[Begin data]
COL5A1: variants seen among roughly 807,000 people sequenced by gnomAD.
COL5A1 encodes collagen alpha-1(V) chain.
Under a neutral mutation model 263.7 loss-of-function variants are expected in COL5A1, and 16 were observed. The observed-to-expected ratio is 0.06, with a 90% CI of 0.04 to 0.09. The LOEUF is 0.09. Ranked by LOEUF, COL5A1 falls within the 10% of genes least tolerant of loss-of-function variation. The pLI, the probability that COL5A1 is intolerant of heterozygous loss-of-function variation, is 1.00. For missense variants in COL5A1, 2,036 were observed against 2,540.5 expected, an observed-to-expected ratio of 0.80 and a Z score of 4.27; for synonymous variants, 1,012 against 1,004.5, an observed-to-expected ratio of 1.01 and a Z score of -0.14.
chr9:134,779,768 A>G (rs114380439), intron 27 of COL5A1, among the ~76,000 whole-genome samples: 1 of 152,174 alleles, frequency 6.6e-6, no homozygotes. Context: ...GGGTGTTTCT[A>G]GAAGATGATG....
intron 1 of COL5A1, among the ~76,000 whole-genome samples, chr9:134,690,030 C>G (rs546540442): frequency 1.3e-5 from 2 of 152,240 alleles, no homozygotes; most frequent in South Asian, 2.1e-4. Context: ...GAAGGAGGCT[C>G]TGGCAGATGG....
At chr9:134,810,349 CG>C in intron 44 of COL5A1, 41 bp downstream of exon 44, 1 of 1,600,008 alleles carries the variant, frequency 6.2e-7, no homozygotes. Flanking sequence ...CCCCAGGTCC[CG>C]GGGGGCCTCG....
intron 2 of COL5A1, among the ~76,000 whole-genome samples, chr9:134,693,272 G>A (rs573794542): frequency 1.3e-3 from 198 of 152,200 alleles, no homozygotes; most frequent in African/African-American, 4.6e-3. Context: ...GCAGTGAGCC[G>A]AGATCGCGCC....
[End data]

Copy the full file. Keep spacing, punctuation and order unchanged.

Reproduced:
COL5A1: variants seen among roughly 807,000 people sequenced by gnomAD.
COL5A1 encodes collagen alpha-1(V) chain.
Under a neutral mutation model 263.7 loss-of-function variants are expected in COL5A1, and 16 were observed. The observed-to-expected ratio is 0.06, with a 90% CI of 0.04 to 0.09. The LOEUF is 0.09. Ranked by LOEUF, COL5A1 falls within the 10% of genes least tolerant of loss-of-function variation. The pLI, the probability that COL5A1 is intolerant of heterozygous loss-of-function variation, is 1.00. For missense variants in COL5A1, 2,036 were observed against 2,540.5 expected, an observed-to-expected ratio of 0.80 and a Z score of 4.27; for synonymous variants, 1,012 against 1,004.5, an observed-to-expected ratio of 1.01 and a Z score of -0.14.
chr9:134,779,768 A>G (rs114380439), intron 27 of COL5A1, among the ~76,000 whole-genome samples: 1 of 152,174 alleles, frequency 6.6e-6, no homozygotes. Context: ...GGGTGTTTCT[A>G]GAAGATGATG....
intron 1 of COL5A1, among the ~76,000 whole-genome samples, chr9:134,690,030 C>G (rs546540442): frequency 1.3e-5 from 2 of 152,240 alleles, no homozygotes; most frequent in South Asian, 2.1e-4. Context: ...GAAGGAGGCT[C>G]TGGCAGATGG....
At chr9:134,810,349 CG>C in intron 44 of COL5A1, 41 bp downstream of exon 44, 1 of 1,600,008 alleles carries the variant, frequency 6.2e-7, no homozygotes. Flanking sequence ...CCCCAGGTCC[CG>C]GGGGGCCTCG....
intron 2 of COL5A1, among the ~76,000 whole-genome samples, chr9:134,693,272 G>A (rs573794542): frequency 1.3e-3 from 198 of 152,200 alleles, no homozygotes; most frequent in African/African-American, 4.6e-3. Context: ...GCAGTGAGCC[G>A]AGATCGCGCC....